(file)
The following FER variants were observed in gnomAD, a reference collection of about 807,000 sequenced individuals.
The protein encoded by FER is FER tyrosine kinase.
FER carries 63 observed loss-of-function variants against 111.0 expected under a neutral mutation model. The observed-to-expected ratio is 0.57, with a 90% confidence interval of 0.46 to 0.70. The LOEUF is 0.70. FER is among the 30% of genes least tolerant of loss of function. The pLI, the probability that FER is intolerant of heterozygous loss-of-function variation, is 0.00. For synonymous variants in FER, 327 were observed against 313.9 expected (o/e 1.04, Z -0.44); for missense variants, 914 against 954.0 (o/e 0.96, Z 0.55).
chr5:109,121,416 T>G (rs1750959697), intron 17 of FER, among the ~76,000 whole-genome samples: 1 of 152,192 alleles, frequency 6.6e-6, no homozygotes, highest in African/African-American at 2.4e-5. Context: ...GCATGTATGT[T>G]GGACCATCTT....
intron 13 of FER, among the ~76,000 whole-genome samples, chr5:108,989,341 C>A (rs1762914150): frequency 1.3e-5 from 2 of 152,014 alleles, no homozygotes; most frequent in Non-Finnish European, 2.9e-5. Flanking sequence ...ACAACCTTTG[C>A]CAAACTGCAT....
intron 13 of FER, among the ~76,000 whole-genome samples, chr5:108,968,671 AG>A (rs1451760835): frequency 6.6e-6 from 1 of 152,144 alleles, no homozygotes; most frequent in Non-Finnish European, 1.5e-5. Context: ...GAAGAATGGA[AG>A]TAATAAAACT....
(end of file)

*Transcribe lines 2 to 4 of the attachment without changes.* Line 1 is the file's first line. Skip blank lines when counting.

The protein encoded by FER is FER tyrosine kinase.
FER carries 63 observed loss-of-function variants against 111.0 expected under a neutral mutation model. The observed-to-expected ratio is 0.57, with a 90% confidence interval of 0.46 to 0.70. The LOEUF is 0.70. FER is among the 30% of genes least tolerant of loss of function. The pLI, the probability that FER is intolerant of heterozygous loss-of-function variation, is 0.00. For synonymous variants in FER, 327 were observed against 313.9 expected (o/e 1.04, Z -0.44); for missense variants, 914 against 954.0 (o/e 0.96, Z 0.55).
chr5:109,121,416 T>G (rs1750959697), intron 17 of FER, among the ~76,000 whole-genome samples: 1 of 152,192 alleles, frequency 6.6e-6, no homozygotes, highest in African/African-American at 2.4e-5. Context: ...GCATGTATGT[T>G]GGACCATCTT....